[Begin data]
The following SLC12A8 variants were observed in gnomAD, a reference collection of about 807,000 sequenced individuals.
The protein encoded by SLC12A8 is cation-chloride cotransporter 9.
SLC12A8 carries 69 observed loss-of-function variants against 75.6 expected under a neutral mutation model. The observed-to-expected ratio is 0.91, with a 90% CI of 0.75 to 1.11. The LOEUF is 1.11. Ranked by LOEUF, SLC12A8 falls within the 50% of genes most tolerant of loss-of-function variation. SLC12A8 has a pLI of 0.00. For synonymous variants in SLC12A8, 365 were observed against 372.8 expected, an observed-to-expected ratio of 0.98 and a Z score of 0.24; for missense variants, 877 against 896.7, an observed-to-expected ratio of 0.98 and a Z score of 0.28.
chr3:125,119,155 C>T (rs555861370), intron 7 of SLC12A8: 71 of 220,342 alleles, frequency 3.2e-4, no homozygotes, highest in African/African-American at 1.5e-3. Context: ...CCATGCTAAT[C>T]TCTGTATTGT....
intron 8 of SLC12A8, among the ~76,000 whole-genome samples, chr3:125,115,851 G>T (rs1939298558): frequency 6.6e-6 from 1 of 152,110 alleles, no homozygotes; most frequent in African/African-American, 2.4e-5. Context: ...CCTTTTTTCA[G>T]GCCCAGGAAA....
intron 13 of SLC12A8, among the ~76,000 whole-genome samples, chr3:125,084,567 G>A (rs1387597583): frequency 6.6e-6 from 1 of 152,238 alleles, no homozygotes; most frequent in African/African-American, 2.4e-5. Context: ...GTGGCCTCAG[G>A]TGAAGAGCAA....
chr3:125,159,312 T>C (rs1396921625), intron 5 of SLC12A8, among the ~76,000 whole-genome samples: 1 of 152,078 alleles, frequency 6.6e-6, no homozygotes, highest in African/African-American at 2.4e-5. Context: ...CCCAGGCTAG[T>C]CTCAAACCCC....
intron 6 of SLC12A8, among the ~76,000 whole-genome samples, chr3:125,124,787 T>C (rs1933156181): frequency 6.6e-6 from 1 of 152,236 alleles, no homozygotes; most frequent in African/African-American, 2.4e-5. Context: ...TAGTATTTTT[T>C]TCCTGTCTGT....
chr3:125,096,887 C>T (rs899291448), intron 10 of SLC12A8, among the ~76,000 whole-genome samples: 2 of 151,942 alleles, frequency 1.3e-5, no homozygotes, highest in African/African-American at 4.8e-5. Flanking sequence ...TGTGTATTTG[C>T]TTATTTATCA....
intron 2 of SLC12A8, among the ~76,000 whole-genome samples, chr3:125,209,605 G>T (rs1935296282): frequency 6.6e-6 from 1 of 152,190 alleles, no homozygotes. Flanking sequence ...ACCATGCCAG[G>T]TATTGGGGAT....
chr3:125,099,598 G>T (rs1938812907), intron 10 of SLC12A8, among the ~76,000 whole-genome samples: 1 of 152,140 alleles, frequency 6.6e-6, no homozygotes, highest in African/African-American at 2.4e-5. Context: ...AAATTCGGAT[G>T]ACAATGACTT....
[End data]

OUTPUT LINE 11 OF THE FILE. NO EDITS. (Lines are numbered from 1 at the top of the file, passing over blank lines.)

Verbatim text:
chr3:125,099,598 G>T (rs1938812907), intron 10 of SLC12A8, among the ~76,000 whole-genome samples: 1 of 152,140 alleles, frequency 6.6e-6, no homozygotes, highest in African/African-American at 2.4e-5. Context: ...AAATTCGGAT[G>T]ACAATGACTT....